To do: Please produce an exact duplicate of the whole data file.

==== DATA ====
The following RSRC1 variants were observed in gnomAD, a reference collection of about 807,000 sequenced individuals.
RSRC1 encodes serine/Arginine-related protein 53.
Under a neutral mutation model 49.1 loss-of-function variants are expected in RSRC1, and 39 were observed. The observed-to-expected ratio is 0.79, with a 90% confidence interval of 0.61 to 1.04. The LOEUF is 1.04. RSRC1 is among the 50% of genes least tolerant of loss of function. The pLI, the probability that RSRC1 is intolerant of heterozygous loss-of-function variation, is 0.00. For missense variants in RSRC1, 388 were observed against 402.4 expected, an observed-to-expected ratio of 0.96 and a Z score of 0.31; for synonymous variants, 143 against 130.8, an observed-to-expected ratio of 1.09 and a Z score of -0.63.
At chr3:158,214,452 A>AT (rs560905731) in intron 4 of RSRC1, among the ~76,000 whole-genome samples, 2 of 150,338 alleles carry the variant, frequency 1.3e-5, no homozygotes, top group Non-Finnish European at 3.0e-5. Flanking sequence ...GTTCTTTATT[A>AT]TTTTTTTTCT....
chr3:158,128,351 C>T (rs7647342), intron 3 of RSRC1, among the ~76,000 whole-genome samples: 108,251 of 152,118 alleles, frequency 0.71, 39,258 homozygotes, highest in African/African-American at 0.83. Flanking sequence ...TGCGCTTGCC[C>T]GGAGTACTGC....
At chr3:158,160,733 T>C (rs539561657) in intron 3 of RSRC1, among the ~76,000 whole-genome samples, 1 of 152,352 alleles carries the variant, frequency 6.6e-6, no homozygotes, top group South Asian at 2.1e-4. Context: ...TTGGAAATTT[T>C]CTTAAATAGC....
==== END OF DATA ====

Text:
The following RSRC1 variants were observed in gnomAD, a reference collection of about 807,000 sequenced individuals.
RSRC1 encodes serine/Arginine-related protein 53.
Under a neutral mutation model 49.1 loss-of-function variants are expected in RSRC1, and 39 were observed. The observed-to-expected ratio is 0.79, with a 90% confidence interval of 0.61 to 1.04. The LOEUF is 1.04. RSRC1 is among the 50% of genes least tolerant of loss of function. The pLI, the probability that RSRC1 is intolerant of heterozygous loss-of-function variation, is 0.00. For missense variants in RSRC1, 388 were observed against 402.4 expected, an observed-to-expected ratio of 0.96 and a Z score of 0.31; for synonymous variants, 143 against 130.8, an observed-to-expected ratio of 1.09 and a Z score of -0.63.
At chr3:158,214,452 A>AT (rs560905731) in intron 4 of RSRC1, among the ~76,000 whole-genome samples, 2 of 150,338 alleles carry the variant, frequency 1.3e-5, no homozygotes, top group Non-Finnish European at 3.0e-5. Flanking sequence ...GTTCTTTATT[A>AT]TTTTTTTTCT....
chr3:158,128,351 C>T (rs7647342), intron 3 of RSRC1, among the ~76,000 whole-genome samples: 108,251 of 152,118 alleles, frequency 0.71, 39,258 homozygotes, highest in African/African-American at 0.83. Flanking sequence ...TGCGCTTGCC[C>T]GGAGTACTGC....
At chr3:158,160,733 T>C (rs539561657) in intron 3 of RSRC1, among the ~76,000 whole-genome samples, 1 of 152,352 alleles carries the variant, frequency 6.6e-6, no homozygotes, top group South Asian at 2.1e-4. Context: ...TTGGAAATTT[T>C]CTTAAATAGC....